Beech bark disease poses an enormous threat to the American Beech, and is widespread in the eastern United States and Canada. It is caused by two invasive species: the beech scale insect, as well as a fungus, most commonly the Nectria coccinea species. Beech scale was first introduced into Nova Scotia in 1890. It later spread throughout much of the United States and Canada, causing beech bark disease to develop in much of these regions. The disease occurs when the bark of a tree is initially attacked by the beech scale insect, and is then ultimately destroyed by the fungus.
Stages of Beech Bark Disease
Beech bark disease can take from three to six years to develop after beech scale invades the forest. The disease develops in three stages: the advancing front, the killing front, and the aftermath zone. During the advancing front, the tree becomes infested by the beech scale insect. During this stage, the beech scale damages the tree's bark. The following stage is known as the killing front, which occurs when the Nectria fungus infects trees through the damaged bark caused by the beech scale insect. This typically occurs a few years after beech scale invades the forest. Finally, the aftermath zone occurs when trees die. Large trees might remain in the forest if they are resistant to the beech scale and/or Nectria fungus.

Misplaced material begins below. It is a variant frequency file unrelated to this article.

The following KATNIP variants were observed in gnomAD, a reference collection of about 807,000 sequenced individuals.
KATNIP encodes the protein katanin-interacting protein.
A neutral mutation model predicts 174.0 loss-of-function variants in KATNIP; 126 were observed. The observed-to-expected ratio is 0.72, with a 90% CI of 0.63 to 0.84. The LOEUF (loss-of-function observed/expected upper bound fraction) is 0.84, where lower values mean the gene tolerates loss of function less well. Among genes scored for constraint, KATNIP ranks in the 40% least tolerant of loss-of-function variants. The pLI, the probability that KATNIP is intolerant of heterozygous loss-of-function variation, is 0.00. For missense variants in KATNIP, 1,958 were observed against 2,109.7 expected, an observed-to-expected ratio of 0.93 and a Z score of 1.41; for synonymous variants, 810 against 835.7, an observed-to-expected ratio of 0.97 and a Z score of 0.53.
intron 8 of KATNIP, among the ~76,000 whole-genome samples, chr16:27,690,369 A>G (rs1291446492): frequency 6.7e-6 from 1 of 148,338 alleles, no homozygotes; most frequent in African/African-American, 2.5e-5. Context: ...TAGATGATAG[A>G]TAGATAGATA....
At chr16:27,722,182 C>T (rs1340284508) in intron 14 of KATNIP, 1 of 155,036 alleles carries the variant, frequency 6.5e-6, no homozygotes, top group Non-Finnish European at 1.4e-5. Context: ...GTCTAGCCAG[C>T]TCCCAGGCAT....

There are several visual signs that beech bark disease is present in a forest. Blotches of a white, waxy covering on a tree's trunk may indicate the infestation of the beech scale insect. This is caused by a white wooly wax that covers the insect’s body. After beech scale becomes established, beech bark disease is almost inevitable. Later indicators of a Nectria infection include red or brownish spots on the bark of a tree, in addition to yellow foliage. The red or brownish spots represent the Nectria itself on the tree. During the aftermath zone, trees may be broken by strong winds. This is known as beech snap.
Impacts on the Ecosystem
The ecosystems of forests are strongly impacted by this disease, as a multitude of birds and animals rely on the American Beech species for food and habitat. Black bears, grey squirrels, chipmunks, turkeys, and deer are just a few examples of animals that feed on beech nuts. Additionally, several species of hawks and raptors nest in beech trees.
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